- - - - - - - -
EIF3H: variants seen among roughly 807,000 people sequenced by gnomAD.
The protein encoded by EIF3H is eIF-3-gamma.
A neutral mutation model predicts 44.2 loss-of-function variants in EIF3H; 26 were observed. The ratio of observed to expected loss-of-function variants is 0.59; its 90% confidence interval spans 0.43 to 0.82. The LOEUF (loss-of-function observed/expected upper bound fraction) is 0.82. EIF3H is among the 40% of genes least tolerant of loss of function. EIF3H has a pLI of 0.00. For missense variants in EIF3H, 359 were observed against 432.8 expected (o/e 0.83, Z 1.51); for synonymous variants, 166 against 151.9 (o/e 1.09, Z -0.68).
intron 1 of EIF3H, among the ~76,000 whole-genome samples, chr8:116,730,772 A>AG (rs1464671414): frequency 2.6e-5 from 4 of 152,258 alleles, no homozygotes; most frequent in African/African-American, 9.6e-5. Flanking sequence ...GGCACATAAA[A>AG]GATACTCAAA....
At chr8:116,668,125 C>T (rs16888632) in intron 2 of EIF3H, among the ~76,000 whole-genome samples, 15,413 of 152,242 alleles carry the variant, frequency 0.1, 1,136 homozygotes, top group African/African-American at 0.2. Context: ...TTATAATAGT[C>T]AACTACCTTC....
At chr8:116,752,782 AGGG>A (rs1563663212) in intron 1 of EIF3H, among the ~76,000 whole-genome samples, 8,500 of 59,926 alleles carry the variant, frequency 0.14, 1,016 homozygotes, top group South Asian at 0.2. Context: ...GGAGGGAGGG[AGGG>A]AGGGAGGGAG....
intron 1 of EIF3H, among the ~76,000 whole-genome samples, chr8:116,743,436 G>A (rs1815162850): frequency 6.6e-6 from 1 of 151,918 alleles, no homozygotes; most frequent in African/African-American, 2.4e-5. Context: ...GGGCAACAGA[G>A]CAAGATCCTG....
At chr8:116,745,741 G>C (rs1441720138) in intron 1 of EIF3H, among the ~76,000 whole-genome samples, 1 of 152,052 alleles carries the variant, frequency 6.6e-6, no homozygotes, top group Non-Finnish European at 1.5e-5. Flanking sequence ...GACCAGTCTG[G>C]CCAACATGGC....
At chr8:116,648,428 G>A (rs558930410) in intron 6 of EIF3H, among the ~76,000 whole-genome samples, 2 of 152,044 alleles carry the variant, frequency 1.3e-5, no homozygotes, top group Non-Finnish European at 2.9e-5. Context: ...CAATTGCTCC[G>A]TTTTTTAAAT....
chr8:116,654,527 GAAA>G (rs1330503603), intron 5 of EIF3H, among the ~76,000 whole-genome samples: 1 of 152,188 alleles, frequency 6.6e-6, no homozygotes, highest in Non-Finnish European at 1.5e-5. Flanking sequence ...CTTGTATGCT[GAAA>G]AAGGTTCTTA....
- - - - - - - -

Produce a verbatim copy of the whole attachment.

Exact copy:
EIF3H: variants seen among roughly 807,000 people sequenced by gnomAD.
The protein encoded by EIF3H is eIF-3-gamma.
A neutral mutation model predicts 44.2 loss-of-function variants in EIF3H; 26 were observed. The ratio of observed to expected loss-of-function variants is 0.59; its 90% confidence interval spans 0.43 to 0.82. The LOEUF (loss-of-function observed/expected upper bound fraction) is 0.82. EIF3H is among the 40% of genes least tolerant of loss of function. EIF3H has a pLI of 0.00. For missense variants in EIF3H, 359 were observed against 432.8 expected (o/e 0.83, Z 1.51); for synonymous variants, 166 against 151.9 (o/e 1.09, Z -0.68).
intron 1 of EIF3H, among the ~76,000 whole-genome samples, chr8:116,730,772 A>AG (rs1464671414): frequency 2.6e-5 from 4 of 152,258 alleles, no homozygotes; most frequent in African/African-American, 9.6e-5. Flanking sequence ...GGCACATAAA[A>AG]GATACTCAAA....
At chr8:116,668,125 C>T (rs16888632) in intron 2 of EIF3H, among the ~76,000 whole-genome samples, 15,413 of 152,242 alleles carry the variant, frequency 0.1, 1,136 homozygotes, top group African/African-American at 0.2. Context: ...TTATAATAGT[C>T]AACTACCTTC....
At chr8:116,752,782 AGGG>A (rs1563663212) in intron 1 of EIF3H, among the ~76,000 whole-genome samples, 8,500 of 59,926 alleles carry the variant, frequency 0.14, 1,016 homozygotes, top group South Asian at 0.2. Context: ...GGAGGGAGGG[AGGG>A]AGGGAGGGAG....
intron 1 of EIF3H, among the ~76,000 whole-genome samples, chr8:116,743,436 G>A (rs1815162850): frequency 6.6e-6 from 1 of 151,918 alleles, no homozygotes; most frequent in African/African-American, 2.4e-5. Context: ...GGGCAACAGA[G>A]CAAGATCCTG....
At chr8:116,745,741 G>C (rs1441720138) in intron 1 of EIF3H, among the ~76,000 whole-genome samples, 1 of 152,052 alleles carries the variant, frequency 6.6e-6, no homozygotes, top group Non-Finnish European at 1.5e-5. Flanking sequence ...GACCAGTCTG[G>C]CCAACATGGC....
At chr8:116,648,428 G>A (rs558930410) in intron 6 of EIF3H, among the ~76,000 whole-genome samples, 2 of 152,044 alleles carry the variant, frequency 1.3e-5, no homozygotes, top group Non-Finnish European at 2.9e-5. Context: ...CAATTGCTCC[G>A]TTTTTTAAAT....
chr8:116,654,527 GAAA>G (rs1330503603), intron 5 of EIF3H, among the ~76,000 whole-genome samples: 1 of 152,188 alleles, frequency 6.6e-6, no homozygotes, highest in Non-Finnish European at 1.5e-5. Flanking sequence ...CTTGTATGCT[GAAA>G]AAGGTTCTTA....